Use of Cats in Pediatrics Training Continues at University of Virginia
“End Cruel Live Animal Labs.” That’s one of the messages PCRM supporters and Virginia residents carried at a demonstration to end the use of live cats in the University of Virginia’s pediatrics residency program.
Protestors at the April demonstration in Charlottesville also carried banners reading “UVA: Using Cats to Teach Human Medicine?” and “To Improve Education, Switch to Simulation.” Doctors delivered a petition signed by 886 Virginia physicians and residents urging a move to nonanimal methods.
Pediatrics training at UVA involves using live kittens and adult cats for endotracheal intubation. This includes repeatedly forcing a plastic tube into the mouth and windpipe (trachea) of a live cat. According to recent UVA veterinary records, animals used in this training procedure have suffered broken teeth, eye infections, and other injuries.
“The University of Virginia’s use of cats is inhumane and unnecessary,” says Ulka Agarwal, M.D., PCRM’s chief medical officer. “UVA residents deserve the best possible educational experience to prepare them to care for newborns. A cat’s anatomy is different from a human newborn’s, and residents can get a better education using state-of-the-art, human-centered technology.”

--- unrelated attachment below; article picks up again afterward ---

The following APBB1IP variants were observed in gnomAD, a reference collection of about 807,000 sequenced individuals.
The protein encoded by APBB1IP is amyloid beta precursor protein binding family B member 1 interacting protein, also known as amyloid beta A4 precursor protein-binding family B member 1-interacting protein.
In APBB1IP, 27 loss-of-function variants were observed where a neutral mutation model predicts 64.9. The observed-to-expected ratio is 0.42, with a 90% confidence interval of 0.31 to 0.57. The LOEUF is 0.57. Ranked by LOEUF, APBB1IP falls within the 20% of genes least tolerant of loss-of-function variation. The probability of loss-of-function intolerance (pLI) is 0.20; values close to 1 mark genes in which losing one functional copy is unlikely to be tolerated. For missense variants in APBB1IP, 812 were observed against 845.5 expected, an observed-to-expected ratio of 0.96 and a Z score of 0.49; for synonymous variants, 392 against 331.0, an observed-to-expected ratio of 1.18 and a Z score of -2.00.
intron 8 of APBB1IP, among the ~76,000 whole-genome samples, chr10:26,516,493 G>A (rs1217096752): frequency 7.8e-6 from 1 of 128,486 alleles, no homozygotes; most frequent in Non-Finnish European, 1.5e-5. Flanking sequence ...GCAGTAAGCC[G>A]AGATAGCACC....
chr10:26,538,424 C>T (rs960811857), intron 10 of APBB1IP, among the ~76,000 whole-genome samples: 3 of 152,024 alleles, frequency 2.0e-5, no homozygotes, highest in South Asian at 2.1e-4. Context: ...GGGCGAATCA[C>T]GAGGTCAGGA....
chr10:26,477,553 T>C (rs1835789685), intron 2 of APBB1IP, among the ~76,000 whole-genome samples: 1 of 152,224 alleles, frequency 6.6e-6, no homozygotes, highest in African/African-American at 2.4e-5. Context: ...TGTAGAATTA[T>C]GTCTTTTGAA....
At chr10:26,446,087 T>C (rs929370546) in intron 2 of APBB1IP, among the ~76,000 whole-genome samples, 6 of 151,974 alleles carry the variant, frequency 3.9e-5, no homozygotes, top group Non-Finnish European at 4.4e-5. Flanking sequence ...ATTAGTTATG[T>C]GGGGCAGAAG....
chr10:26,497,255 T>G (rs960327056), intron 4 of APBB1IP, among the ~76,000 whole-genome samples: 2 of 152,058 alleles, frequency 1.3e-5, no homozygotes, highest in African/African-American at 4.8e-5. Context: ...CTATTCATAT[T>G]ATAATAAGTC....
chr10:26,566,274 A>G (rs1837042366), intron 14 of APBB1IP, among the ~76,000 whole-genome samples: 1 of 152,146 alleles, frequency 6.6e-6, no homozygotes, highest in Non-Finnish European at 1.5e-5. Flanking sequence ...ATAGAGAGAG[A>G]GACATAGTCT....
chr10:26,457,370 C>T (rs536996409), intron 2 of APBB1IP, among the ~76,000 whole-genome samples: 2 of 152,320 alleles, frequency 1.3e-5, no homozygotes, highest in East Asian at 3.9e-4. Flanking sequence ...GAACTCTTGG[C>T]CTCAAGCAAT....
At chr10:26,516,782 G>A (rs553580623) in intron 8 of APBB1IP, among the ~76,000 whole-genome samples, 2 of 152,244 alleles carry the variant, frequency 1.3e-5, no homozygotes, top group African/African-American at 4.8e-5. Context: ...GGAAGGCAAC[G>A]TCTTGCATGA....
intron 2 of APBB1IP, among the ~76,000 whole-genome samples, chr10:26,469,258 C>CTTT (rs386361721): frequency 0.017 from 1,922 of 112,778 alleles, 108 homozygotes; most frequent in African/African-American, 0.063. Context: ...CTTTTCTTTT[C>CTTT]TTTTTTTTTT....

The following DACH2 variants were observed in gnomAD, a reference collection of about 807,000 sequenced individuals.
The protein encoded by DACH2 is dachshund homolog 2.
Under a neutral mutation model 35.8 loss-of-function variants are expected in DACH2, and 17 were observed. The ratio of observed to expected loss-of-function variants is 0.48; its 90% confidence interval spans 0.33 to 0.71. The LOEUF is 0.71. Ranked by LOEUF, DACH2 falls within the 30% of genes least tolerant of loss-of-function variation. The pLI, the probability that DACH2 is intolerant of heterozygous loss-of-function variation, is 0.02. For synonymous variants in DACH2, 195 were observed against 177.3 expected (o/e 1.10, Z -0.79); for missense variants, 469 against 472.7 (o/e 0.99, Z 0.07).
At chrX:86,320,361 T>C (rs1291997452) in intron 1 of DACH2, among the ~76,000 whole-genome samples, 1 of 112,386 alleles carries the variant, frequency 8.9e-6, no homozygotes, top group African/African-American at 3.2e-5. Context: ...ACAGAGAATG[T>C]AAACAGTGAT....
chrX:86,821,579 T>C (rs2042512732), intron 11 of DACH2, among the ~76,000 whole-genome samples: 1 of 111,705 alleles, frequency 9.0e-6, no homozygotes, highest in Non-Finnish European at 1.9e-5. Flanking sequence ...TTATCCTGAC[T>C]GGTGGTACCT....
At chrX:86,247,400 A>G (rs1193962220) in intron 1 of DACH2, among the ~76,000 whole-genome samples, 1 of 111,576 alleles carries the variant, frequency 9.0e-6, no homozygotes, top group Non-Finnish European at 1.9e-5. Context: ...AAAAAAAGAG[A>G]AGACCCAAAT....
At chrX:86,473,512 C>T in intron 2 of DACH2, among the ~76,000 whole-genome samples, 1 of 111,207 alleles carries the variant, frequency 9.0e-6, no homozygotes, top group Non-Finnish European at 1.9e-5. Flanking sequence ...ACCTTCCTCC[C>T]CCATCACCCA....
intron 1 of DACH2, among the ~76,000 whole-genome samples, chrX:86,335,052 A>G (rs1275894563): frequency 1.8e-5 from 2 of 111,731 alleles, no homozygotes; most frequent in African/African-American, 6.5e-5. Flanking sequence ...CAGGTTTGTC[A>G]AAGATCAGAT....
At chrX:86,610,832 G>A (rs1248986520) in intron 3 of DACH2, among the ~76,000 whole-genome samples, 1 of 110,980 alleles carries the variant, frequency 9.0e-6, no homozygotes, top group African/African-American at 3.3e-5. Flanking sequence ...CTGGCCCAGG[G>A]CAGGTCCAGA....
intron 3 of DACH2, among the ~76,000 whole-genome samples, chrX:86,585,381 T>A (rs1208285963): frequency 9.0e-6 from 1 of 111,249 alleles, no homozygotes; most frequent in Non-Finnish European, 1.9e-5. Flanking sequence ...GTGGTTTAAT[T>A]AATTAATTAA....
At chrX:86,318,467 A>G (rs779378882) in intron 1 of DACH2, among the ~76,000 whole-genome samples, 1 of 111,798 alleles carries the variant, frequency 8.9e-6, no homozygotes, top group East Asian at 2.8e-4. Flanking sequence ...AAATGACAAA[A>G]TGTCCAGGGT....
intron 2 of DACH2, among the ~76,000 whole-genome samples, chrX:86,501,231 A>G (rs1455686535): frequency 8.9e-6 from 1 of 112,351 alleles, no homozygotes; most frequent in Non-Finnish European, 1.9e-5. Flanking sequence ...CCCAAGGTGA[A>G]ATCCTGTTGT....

The vast majority of pediatrics programs use purpose-designed infant and neonatal simulators, which mimic the airway of a low birth weight premature newborn. UVA’s state-of-the-art medical simulation center could be outfitted to immediately replace the use of animals.